Stack Overflow is a community of 4.7 million programmers, just like you, helping each other.

Join them; it only takes a minute:

Sign up
Join the Stack Overflow community to:
  1. Ask programming questions
  2. Answer and help your peers
  3. Get recognized for your expertise

When I try to build my Qt project in QtCreator I get this error:

:-1: error: arm-none-linux-gnueabi-g++: Command not found

Can't figure out why I get this because it's in my PATH and I also use it as compiler in my project settings.

share|improve this question
1  
Is the PATH correctly imported to QtCreator Project Envirionment? Is the compiler set up with absolute path in QtCreator Settings? – Sebastian Lange Mar 11 '14 at 12:23
    
How Can I check PATH in QtCreator? About compiler: yes, I use absolute path. – Dmitry Mikhaylov Mar 11 '14 at 12:24
1  
Open your Project, choose "Project" from the left sidemenu, and take a look at Build Environment within tab Build-Settings – Sebastian Lange Mar 11 '14 at 12:29
    
Does it work if you build from command line? What build system does your project use, and exactly which Qt SDK (libs + tools)? – hyde Mar 11 '14 at 12:30
1  
@hyde, I can build project from console. I use Qt 4.8.5 with CodeSourcery Toolchain for ARM processors. OS: Ubuntu 13.10 x86_64 – Dmitry Mikhaylov Mar 11 '14 at 18:32

This happened to me because I was using the 32 bit Code Sourcery compiler without the corresponding 32 bit linker on my 64 bit Debian Wheezy. The issue was fixed by simple installing the 32 bit toolchain, including the ld linker. Without that, the command does not quite appear as an executable.

You are trying to cross-compile on a 64 bit machine for 32 bit, so you need to have the 32 bit toolchain files available in the proper path, too.

Why it works without QtCreator, that is mysterious, but probably because you already have it installed, but the path and/or the mkspec specific in QtCreator is not right for 32 bit.

share|improve this answer
    
I have arm-none-linux-gnueabi-ld in the same path with arm-none-linux-gnueabi-g++ if that's what you mean. – Dmitry Mikhaylov Mar 12 '14 at 8:10
    
@DmitryMikhaylov: I meant the ld supplied by the package libc6-i386 or something like that. This is the package name on my Debian Wheezy. Run `ldd -r /path/to/the/arm-none-linux-gnueabi-g++ – lpapp Mar 12 '14 at 8:19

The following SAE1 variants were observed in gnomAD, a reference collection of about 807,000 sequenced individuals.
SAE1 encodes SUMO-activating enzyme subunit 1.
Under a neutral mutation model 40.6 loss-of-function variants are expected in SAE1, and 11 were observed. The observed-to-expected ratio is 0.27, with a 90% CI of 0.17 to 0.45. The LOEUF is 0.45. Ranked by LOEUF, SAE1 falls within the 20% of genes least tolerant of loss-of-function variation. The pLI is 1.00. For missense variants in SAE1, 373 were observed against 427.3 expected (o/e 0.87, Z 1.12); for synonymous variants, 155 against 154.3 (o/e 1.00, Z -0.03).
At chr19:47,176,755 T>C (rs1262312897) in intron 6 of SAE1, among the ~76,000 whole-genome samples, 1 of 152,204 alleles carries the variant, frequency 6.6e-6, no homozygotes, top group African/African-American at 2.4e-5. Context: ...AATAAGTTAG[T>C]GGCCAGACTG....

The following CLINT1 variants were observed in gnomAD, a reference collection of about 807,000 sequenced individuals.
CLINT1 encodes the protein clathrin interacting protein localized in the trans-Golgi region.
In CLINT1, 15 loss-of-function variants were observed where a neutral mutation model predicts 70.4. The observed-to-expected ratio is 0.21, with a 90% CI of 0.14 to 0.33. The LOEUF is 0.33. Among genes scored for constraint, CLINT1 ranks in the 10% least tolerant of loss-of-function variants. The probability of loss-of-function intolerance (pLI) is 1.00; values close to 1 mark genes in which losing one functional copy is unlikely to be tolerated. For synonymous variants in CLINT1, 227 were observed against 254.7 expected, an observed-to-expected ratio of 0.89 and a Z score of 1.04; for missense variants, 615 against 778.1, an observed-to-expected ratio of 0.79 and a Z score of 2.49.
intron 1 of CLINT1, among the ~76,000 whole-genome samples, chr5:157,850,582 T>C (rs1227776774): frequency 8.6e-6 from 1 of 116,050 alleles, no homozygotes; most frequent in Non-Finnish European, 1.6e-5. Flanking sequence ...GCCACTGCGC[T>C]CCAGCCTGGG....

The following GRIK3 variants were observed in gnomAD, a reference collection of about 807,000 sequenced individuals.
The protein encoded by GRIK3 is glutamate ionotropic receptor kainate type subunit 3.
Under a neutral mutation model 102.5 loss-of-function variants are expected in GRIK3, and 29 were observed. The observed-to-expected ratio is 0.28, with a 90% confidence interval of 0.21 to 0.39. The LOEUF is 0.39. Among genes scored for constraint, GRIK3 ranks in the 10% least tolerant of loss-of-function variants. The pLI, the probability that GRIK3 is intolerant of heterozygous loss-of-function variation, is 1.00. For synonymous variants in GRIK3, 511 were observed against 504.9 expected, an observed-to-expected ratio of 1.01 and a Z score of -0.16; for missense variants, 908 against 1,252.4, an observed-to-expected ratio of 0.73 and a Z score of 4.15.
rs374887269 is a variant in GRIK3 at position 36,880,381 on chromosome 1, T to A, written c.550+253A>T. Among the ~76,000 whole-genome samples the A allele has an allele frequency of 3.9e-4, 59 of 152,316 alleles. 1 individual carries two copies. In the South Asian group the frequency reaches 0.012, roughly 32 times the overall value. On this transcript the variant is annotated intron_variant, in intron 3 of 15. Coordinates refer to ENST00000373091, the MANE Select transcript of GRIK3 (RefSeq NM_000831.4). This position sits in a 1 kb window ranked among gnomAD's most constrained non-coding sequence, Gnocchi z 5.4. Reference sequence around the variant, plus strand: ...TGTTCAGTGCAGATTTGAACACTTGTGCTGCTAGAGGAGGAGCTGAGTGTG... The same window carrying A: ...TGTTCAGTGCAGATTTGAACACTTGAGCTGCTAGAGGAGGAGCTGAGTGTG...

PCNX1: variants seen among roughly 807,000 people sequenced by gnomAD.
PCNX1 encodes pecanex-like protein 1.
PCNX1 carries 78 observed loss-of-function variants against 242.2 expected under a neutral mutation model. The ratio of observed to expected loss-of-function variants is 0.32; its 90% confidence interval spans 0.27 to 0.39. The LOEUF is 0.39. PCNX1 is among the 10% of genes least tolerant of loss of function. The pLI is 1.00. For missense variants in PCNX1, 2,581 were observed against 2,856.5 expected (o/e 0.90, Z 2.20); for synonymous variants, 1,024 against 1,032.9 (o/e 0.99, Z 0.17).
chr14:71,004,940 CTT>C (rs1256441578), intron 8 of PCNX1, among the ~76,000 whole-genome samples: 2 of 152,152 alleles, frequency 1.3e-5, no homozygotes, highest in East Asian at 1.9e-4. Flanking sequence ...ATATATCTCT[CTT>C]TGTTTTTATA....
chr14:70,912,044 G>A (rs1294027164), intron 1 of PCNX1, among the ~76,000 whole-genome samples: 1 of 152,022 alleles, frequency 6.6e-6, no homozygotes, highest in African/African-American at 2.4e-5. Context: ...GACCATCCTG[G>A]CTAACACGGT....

up vote 1 down vote accepted

I use CodeSourcery Toolchain and when I installed it, it added this line to my .bash_profile: PATH="/home/dmitry/CodeSourcery/Sourcery_G++_Lite/bin:${PATH}".

But in QtCreator's PATH variable there was a little bit different value: /home/dmitry/CodeSourcery/Sourcery_G++_Lite/bin/arm-none-linux-gnueabi. In this directory there are files with short names like g++ etc. So I just added the path from .bash_profile and now I am able to build the project.

share|improve this answer
    
OK, so basically what was written, you have messed the path up. ^^ Glad it works now. – lpapp Mar 12 '14 at 8:55
    
Thanks. I thought QtCreator used the same environment variables I used in console. That's what confused me. – Dmitry Mikhaylov Mar 12 '14 at 9:31

Using this long thing, arm-none-linux-gnueabi-g++, is improbable although not impossible.

I suggest to create a wrapper for this name to your original compiler (probably like arm-...-gcc or simply gcc).

share|improve this answer
1  
Why? It's a cross compiler, the name should say exactly which one, as often there are many similar toolchains installed. – hyde Mar 11 '14 at 12:28
    
@hyde It is too long. I suspect it is some autogenerated name, and not the exact name of his crosscompiler (whivh is probably some like arm-...-gcc). – peterh Mar 11 '14 at 12:30
1  
No, that is perfectly normal, standard name for that particular compiler binary. – hyde Mar 11 '14 at 12:34
1  
I remember a similar problem, but it was not the compiler-path the problem, but the targetpath was to long. Changing build directory to D:\testbuild solved the problem – Sebastian Lange Mar 11 '14 at 12:56
1  
@PeterHorvath SO answers should be a bit more substantial. For "things you can try", a comment is better. The compiler for the toolchain is configured somewhere depending on exact build system, and just trying different names for compiler binary is not going to be useful without more exact instructions. – hyde Mar 11 '14 at 15:16

Your Answer

 
discard

By posting your answer, you agree to the privacy policy and terms of service.

Not the answer you're looking for? Browse other questions tagged or ask your own question.